Healthcare Revenue      $    13,418            $ 13,307      $  111          0.8  %


Healthcare revenue increased 0.8% compared to the prior year quarter, partially
driven by an increase in revenue from radiopharmaceuticals contracts. This
increase was partially offset by fewer camera sales and fewer total scanning
days.

Construction

Construction revenue is summarized as follows (in thousands):

                                          Three Months Ended March 31,
                                  2022             2021        Change       % Change
Construction               $    11,631           $ 9,047      $ 2,584         28.6  %
Construction Revenue       $    11,631           $ 9,047      $ 2,584         28.6  %


The increase in revenue for the Construction division was predominately driven
by large commercial projects at our EBGL business, partially offset by a $0.6
million decrease in revenues for KBS business.


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Gross Profit

Healthcare Gross Profit


Healthcare gross profit and gross margin is summarized as follows (in
thousands):

                                           Three Months Ended March 31,
                                    2022                        2021        % Change
Healthcare gross profit       $      3,176                   $ 2,598          22.2  %
Healthcare gross margin               23.7   %                  19.5  %

The increase in Healthcare gross margin percentage was mainly due to the
increased percentage of high margin radiopharmaceuticals contracts for the three
months ended March 31, 2022, compared to the same period in the prior year.

Construction Gross Profit


Construction gross profit and margin is summarized as follows (in thousands):

                                               Three Months Ended March 31,
                                        2022                          2021       % Change
Construction gross profit        $        1,586                     $ 544         191.5  %
Construction gross margin                  13.6   %                   6.0  %


The increase in Construction gross profit was predominately due to significantly
increased pricing levels during 2022 to offset higher input costs in both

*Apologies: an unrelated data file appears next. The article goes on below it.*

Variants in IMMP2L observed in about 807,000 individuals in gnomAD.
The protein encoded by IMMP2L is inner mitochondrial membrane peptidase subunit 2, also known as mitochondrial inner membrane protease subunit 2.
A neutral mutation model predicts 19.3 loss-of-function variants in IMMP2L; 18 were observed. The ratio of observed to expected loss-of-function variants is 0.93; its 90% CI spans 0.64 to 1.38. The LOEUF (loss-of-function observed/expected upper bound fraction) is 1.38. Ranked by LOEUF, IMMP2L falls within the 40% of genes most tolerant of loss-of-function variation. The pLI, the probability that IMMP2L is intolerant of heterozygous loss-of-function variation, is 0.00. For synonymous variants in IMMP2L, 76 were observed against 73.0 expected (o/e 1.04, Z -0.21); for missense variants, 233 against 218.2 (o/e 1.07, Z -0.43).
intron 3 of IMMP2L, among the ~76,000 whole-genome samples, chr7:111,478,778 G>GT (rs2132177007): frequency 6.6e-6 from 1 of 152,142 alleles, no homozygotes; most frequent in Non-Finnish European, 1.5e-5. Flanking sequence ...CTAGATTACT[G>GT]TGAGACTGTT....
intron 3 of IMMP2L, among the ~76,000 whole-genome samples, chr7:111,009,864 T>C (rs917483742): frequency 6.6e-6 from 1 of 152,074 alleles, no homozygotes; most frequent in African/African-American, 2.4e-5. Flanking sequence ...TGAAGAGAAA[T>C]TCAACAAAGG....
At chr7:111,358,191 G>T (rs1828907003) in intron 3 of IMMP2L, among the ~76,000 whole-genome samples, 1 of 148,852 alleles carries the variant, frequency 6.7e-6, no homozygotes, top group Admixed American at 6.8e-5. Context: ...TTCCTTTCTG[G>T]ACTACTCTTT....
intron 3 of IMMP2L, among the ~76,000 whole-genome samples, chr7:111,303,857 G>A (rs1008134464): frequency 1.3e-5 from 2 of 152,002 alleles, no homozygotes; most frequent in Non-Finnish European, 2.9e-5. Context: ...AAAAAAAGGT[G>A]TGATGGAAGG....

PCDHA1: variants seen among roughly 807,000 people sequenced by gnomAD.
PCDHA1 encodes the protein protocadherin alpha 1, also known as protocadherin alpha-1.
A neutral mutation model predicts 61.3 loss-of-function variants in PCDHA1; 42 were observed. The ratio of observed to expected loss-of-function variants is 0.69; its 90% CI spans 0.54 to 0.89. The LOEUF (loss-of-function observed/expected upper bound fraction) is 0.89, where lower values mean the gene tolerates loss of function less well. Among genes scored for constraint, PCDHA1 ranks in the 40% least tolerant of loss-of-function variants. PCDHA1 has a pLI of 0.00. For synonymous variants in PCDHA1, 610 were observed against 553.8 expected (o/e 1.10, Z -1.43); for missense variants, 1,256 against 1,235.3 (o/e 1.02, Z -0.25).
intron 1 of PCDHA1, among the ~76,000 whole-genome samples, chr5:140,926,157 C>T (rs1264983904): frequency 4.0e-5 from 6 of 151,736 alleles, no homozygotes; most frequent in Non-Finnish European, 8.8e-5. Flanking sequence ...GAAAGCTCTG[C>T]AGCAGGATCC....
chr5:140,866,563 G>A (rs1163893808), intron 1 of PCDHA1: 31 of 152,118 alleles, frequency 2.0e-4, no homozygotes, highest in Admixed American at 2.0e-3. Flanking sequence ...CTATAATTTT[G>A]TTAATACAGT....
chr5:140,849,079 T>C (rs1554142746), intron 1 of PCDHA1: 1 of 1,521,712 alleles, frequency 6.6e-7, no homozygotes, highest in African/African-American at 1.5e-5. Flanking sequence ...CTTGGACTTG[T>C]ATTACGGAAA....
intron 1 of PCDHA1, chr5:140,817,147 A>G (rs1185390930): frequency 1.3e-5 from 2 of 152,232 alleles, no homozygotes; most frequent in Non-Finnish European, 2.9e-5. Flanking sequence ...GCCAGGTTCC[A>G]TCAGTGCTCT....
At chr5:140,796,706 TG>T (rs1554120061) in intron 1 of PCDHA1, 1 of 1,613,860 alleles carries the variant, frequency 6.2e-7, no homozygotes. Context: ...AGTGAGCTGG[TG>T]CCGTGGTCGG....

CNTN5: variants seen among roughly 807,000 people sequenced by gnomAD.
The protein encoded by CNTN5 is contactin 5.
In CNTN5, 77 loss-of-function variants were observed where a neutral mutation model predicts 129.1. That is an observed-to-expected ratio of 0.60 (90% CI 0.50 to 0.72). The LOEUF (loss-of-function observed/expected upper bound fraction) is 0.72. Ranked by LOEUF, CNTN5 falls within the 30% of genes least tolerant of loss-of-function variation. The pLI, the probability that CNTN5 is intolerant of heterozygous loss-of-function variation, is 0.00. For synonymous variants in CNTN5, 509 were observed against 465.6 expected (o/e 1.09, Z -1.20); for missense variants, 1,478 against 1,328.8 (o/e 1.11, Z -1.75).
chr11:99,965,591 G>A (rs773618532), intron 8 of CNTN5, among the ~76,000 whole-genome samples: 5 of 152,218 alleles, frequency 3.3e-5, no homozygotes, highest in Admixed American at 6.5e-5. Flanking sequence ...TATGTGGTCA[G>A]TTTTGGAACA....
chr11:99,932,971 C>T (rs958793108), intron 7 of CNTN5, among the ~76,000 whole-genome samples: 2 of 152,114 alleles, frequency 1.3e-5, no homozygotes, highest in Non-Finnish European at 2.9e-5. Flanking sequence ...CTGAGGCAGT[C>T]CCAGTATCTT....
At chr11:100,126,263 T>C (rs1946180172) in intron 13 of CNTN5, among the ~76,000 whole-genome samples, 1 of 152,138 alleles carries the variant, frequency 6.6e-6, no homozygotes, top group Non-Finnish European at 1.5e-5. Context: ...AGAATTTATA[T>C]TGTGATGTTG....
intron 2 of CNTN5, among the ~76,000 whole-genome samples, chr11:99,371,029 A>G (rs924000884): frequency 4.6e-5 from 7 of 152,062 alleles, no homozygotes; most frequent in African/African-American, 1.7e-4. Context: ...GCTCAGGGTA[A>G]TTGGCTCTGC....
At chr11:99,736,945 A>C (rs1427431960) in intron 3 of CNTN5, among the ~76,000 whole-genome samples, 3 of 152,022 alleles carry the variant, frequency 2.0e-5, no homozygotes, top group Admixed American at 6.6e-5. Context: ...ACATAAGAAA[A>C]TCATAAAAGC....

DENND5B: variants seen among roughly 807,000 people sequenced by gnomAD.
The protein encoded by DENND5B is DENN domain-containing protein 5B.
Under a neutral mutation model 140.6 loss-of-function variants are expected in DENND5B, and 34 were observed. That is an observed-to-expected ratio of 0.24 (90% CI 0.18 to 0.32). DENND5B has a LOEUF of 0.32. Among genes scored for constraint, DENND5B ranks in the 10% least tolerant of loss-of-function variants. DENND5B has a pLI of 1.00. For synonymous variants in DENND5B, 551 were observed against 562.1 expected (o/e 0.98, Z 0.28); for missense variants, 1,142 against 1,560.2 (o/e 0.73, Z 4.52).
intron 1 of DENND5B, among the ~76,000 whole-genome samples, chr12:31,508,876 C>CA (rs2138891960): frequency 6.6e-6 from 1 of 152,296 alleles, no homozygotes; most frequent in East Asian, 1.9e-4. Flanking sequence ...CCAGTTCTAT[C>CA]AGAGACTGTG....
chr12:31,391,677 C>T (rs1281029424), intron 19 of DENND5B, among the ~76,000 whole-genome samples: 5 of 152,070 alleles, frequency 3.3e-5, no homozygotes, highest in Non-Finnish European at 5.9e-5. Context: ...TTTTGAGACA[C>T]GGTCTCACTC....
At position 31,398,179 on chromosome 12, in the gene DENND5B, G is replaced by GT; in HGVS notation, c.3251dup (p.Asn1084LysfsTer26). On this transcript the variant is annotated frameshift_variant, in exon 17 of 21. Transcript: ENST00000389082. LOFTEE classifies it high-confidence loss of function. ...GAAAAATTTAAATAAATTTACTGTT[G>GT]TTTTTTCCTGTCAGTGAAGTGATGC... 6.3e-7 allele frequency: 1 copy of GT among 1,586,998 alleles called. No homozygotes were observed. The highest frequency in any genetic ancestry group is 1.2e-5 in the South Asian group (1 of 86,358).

residential and commercial projects, slightly offset by net loss of $0.2 million
from lumber derivatives. Our backlog and sales pipeline remain at record levels
due to newly signed contracts.

Investments Gross Loss

Investments gross loss is summarized as follows (in thousands):

                                                                               Three Months Ended March 31,
                                                                      2022                    2021               % Change

Real Estate and Investments gross loss                       $          (99)               $    (65)                   52.3  %


The gross loss relates to depreciation expense associated with the three
manufacturing facilities acquired in April 2019.

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Operating Expenses

Operating expenses are summarized as follows (in thousands):

                                                               Three Months Ended March 31,                                       Percent of Revenues
                                                                                               Change
                                               2022                 2021           Dollars             Percent                 2022                  2021
Selling, general and
administrative                          $    6,788               $ 5,055          $ 1,733                   34.3  %               27.1  %              22.6  %
Amortization of intangible assets              430                   438               (8)                  (1.8) %                1.7  %               2.0  %
Gain on sale of MD Office
Solutions                                        -                  (847)             847                 (100.0) %                  -  %              (3.8) %
Total operating expenses                $    7,218               $ 4,646          $ 2,572                   55.4  %               28.8  %              20.8  %


On a consolidated basis, there was a $1.7 million increase in sales, general and
administrative expenses. Most of the increase in SG&A was primarily associated
with a $0.3 million increase in Construction due to headcount and consulting
service expenses, a $0.2 million increase in corporate administrative expenses
due to headcount, a $0.8 million increase in legal expenses and a $0.4 million
increase in outside services expenses. SG&A as a percentage of revenue increased
to 27.1% of revenue, versus 22.6% in the prior year period.

Total Other Income (Expense)

Total other income (expense) is summarized as follows (in thousands):